Matter of Jarrett P. (Jeremy P.)

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Matter of Jarrett P. (Jeremy P.) 2019 NY Slip Op 04609 Decided on June 7, 2019 Appellate Division, Fourth Department Published by New York State Law Reporting Bureau pursuant to Judiciary Law § 431. This opinion is uncorrected and subject to revision before publication in the Official Reports.

Decided on June 7, 2019 SUPREME COURT OF THE STATE OF NEW YORK Appellate Division, Fourth Judicial Department
1299 CAF 17-00463





Appeal from an order of the Family Court, Ontario County (William F. Kocher, J.), entered February 15, 2017 in a proceeding pursuant to Social Services Law § 384-b. The order, among other things, terminated respondent's parental rights and freed the subject child for adoption.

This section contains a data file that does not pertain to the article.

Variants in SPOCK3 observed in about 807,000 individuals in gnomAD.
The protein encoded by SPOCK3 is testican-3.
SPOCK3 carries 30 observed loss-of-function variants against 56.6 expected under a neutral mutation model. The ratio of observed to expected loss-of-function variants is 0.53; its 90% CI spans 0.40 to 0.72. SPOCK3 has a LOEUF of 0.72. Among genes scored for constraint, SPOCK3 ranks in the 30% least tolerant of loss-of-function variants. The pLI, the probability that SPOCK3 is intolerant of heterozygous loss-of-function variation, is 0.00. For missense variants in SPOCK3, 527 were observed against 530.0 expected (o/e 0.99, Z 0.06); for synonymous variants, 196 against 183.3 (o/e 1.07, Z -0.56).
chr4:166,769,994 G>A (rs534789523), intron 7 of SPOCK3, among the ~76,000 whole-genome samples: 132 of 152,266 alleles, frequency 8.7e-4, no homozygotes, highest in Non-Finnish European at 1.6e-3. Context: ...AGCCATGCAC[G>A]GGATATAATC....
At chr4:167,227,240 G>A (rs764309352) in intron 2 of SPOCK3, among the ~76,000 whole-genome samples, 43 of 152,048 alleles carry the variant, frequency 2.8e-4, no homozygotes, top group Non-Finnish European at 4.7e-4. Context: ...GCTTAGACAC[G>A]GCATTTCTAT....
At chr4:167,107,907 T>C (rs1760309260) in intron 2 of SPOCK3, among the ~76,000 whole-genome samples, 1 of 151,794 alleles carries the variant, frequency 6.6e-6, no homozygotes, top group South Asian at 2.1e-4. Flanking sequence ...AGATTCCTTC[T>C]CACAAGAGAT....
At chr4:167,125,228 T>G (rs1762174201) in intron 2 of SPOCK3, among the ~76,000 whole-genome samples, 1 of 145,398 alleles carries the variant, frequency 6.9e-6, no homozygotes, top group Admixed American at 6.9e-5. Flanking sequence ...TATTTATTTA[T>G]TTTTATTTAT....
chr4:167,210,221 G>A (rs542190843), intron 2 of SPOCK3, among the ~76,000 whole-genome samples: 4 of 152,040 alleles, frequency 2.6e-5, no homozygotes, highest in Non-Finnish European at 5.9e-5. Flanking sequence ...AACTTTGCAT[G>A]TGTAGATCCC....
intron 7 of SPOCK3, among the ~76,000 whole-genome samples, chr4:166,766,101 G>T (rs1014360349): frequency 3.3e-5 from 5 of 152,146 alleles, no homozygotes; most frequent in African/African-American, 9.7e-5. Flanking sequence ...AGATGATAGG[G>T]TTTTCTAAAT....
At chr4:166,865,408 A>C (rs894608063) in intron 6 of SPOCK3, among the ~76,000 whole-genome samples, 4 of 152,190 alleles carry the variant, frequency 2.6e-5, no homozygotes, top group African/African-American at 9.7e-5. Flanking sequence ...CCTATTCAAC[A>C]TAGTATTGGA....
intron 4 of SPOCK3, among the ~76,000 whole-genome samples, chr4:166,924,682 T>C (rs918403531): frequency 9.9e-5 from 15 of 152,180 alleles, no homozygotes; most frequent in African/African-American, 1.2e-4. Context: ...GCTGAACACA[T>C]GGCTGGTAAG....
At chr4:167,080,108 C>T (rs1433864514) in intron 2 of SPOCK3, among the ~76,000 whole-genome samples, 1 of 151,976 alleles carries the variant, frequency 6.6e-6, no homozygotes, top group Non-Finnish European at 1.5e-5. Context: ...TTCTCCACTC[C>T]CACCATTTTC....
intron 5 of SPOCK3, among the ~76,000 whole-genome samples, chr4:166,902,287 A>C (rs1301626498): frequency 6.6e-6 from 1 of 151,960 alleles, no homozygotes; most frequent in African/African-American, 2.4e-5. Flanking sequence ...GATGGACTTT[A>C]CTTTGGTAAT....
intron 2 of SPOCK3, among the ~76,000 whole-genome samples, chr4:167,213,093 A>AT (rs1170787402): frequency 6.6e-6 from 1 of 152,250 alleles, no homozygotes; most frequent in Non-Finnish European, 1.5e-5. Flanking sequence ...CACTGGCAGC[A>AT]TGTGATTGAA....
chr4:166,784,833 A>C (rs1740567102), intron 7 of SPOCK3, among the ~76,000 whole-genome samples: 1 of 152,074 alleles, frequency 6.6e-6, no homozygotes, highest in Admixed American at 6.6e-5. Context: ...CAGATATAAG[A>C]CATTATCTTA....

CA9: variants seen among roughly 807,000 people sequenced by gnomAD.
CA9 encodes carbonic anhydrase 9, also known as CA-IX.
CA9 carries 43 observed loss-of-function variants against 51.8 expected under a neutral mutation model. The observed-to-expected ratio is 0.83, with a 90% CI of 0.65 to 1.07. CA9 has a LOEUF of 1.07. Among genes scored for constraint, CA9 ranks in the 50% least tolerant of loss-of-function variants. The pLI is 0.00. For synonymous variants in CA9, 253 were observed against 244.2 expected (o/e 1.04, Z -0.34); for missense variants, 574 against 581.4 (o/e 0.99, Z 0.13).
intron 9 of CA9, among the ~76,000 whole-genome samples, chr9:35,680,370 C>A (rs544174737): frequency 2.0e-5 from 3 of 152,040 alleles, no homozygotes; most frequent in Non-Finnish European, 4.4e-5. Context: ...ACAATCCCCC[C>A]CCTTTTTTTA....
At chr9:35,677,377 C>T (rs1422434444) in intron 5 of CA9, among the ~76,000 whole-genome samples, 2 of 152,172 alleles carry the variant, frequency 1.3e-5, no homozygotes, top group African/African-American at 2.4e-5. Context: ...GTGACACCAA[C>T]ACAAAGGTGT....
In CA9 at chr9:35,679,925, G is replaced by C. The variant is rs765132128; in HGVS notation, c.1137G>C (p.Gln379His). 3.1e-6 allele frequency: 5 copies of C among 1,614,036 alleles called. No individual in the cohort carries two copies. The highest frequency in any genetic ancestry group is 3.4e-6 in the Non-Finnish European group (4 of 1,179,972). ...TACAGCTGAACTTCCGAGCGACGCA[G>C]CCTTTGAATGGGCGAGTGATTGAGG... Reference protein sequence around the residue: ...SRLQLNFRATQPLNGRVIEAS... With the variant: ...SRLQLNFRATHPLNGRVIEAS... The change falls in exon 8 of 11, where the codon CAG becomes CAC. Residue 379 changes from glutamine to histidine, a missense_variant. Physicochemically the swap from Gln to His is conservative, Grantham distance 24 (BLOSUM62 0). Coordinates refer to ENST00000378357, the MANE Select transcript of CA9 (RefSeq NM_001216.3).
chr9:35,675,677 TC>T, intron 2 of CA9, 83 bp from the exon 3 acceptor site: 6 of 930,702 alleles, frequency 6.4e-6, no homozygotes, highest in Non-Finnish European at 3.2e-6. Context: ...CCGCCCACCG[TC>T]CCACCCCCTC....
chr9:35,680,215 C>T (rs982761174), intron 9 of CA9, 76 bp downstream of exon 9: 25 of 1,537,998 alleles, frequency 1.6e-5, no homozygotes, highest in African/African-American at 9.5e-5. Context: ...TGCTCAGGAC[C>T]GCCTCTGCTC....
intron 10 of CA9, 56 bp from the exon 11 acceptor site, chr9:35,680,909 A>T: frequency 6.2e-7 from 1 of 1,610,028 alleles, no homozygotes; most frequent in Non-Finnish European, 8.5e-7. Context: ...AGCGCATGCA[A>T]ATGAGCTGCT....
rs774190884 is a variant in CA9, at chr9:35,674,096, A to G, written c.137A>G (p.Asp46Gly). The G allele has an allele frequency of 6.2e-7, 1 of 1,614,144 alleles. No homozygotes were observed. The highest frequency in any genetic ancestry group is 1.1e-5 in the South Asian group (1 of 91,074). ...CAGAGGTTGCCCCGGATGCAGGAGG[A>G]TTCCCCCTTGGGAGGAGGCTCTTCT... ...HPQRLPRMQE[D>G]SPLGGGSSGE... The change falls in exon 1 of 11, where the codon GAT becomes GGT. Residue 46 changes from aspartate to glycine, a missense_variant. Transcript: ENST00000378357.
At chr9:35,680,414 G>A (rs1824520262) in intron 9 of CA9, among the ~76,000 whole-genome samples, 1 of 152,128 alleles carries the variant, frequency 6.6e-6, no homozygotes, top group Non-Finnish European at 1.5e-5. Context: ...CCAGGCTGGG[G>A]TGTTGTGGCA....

It is hereby ORDERED that the order so appealed from is unanimously modified on the law by dismissing the petition insofar as it alleges that respondent abandoned the subject child and vacating the disposition and as modified the order is affirmed without costs, and the matter is remitted to Family Court, Ontario County, for further proceedings in accordance with the following memorandum: In this proceeding pursuant to Social Services Law § 384-b, respondent father appeals from an order that, inter alia, terminated his parental rights with respect to the subject child and freed the child for adoption. Preliminarily, contrary to the father's assertion, the record establishes that Family Court terminated his parental rights on both grounds asserted in the petition, i.e., abandonment and permanent neglect, and that the court met its obligation of setting forth the "facts it deem[ed] essential" to those determinations (CPLR 4213 [b]).